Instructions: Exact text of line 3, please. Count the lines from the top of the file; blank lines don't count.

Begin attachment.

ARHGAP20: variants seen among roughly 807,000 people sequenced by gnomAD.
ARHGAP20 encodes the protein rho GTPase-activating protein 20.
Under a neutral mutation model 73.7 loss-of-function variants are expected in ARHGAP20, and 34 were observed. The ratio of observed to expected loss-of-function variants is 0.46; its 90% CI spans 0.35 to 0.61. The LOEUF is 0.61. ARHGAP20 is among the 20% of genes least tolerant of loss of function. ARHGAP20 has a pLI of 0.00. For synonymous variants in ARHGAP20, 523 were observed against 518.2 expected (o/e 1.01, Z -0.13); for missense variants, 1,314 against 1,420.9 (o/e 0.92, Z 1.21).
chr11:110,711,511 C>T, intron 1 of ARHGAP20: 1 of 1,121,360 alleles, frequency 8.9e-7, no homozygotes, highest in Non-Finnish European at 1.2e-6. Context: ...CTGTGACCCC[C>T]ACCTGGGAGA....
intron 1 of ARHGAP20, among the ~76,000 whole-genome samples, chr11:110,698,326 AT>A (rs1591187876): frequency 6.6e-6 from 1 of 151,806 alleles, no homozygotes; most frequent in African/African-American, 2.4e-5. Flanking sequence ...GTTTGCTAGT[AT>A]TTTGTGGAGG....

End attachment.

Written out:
Under a neutral mutation model 73.7 loss-of-function variants are expected in ARHGAP20, and 34 were observed. The ratio of observed to expected loss-of-function variants is 0.46; its 90% CI spans 0.35 to 0.61. The LOEUF is 0.61. ARHGAP20 is among the 20% of genes least tolerant of loss of function. ARHGAP20 has a pLI of 0.00. For synonymous variants in ARHGAP20, 523 were observed against 518.2 expected (o/e 1.01, Z -0.13); for missense variants, 1,314 against 1,420.9 (o/e 0.92, Z 1.21).